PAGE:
A few weeks ago, I asked my brother which game he was planning to pick up with his Nintendo 3DS on launch day.
"Super Monkey Ball 3D, without a doubt," he said. "You can't ever go wrong with a Monkey Ball game. Even the bad Monkey Ball games are good."
I couldn't help but agree with him. Since the series was conceived on GameCube at the start of the millennium, the rolling antics of AiAi, MeeMee, GonGon, and Baby have always been moderately entertaining.
Even when the same old concept was brought to iPhone many years later, Pocket Gamer's own Tracy Erickson admitted in his Super Monkey Ball review, "there's great fun to be had."
Super Monkey Ball 3D, then, represents a first in the series. This is the first dull Monkey Ball game.
Everything that made the original so playable has been photocopied so many times there's a lack of innovation, little creativity, and no difficulty curve to speak of.Load of old balls
The basic idea remains the same, of course. Over a series of short obstacle courses, you tilt the level, rolling a ball containing one of the monkey characters towards the goal, picking up bananas and collectibles as you go.
The Nintendo 3DS version provides two different methods of control. You can either use the Circle pad or activate the tilt controls and move your handheld around to control the roll.
The tilt controls are far more enjoyable, and the amount of control you have over your primate is spot-on.
Unfortunately, Sega hasn't considered the fundamental fact that you need to look directly at the screen for the 3D effects to work, which you're not doing when you've moving it around to tilt your monkey ball. Hence, this mode requires you turn the 3D slider all the way down.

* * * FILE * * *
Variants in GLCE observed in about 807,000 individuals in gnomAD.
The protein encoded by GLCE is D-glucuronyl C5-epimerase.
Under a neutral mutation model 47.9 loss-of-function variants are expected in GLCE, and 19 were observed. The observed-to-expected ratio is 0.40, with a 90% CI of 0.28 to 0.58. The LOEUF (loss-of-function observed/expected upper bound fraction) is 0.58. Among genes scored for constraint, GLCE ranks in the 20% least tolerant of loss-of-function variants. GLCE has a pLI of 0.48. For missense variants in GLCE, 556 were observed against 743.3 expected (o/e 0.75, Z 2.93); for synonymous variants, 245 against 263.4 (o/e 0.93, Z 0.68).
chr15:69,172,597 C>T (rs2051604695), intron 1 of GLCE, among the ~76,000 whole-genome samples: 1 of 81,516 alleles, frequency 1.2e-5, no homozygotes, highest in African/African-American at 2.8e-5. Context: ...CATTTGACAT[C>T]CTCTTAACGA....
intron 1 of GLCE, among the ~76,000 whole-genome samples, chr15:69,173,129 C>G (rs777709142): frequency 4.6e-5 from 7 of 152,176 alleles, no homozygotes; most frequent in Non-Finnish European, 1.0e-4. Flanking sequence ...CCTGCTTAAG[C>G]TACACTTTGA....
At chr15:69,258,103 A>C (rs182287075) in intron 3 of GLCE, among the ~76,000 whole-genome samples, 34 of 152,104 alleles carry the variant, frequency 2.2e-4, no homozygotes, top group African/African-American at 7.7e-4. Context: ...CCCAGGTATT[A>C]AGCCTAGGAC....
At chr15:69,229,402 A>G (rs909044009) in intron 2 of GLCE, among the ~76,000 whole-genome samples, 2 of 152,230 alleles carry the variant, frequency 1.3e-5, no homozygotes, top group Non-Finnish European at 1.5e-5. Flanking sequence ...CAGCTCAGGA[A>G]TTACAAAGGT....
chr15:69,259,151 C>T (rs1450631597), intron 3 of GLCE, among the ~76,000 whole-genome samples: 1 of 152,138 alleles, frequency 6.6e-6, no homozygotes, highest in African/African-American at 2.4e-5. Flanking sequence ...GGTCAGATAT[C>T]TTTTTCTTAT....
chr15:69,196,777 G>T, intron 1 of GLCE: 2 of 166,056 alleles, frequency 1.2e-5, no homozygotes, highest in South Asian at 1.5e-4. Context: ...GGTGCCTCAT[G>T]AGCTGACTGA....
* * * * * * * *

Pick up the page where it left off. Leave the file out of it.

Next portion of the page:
For this reason, Super Monkey Ball 3D isn't a game to choose to show off the killer feature of your new console.
Equally frustrating is the level design. Anyone hoping to fling their monkey balls across chasms and navigate seemingly impossible obstacle courses will be in for a shock. Super Monkey Ball 3D is easily the tamest Monkey Ball ever. The majority of levels rely on small maze-like structures, where making your way through and collecting items before the time runs out is the main challenge.
As well as feeling uninspired, the main Story mode is also rather short. The campaign - eight unlockable themes each with ten levels - is over in around two hours. Replayability is provided as you try to hone your level times and boost your banana collection, but it's fairly thin stuff.Give a monkey's?
Super Monkey Ball 3D also comes with two multiplayer-focused modes (available for single play too) that aim to bump up the content. Unfortunately, both feel hopelessly rushed.
Monkey Race is particular poor. With awful controls, power-ups and graphics, it doesn't deserve to be in the same sentence as. Mario Kart.
The handling is weak, and sliding around corners can be complete trial and error most of the time. And as with the Story mode, everything feels derivative. Rather than causing interesting effects, most items simply make your opponent stop on the spot for a set number of seconds.
Monkey Fight plays like another Nintendo classic, Super Smash Bros, and is a little better, but, again, no patch on the original. It's a button-basher with a tacked-on feel. Why Sega included these modes but not the wonderful Monkey Target from past Super Monkey Ball games is a mystery.
And if you're hoping extra 3DS features might save the day, prepare to be disappointed again. There are no StreetPass features, no global highscores, and no online play, although Monkey Fight and Monkey Race support local four-way multiplayer.
All in all, then, this is by far the most disappointing Super Monkey Ball release to date. Launch games are often rushed to hit a hard release date, but we deserve to see Sega's monkeys return to the 3DS in the future, if only to provide the company with the opportunity to redeem the franchise.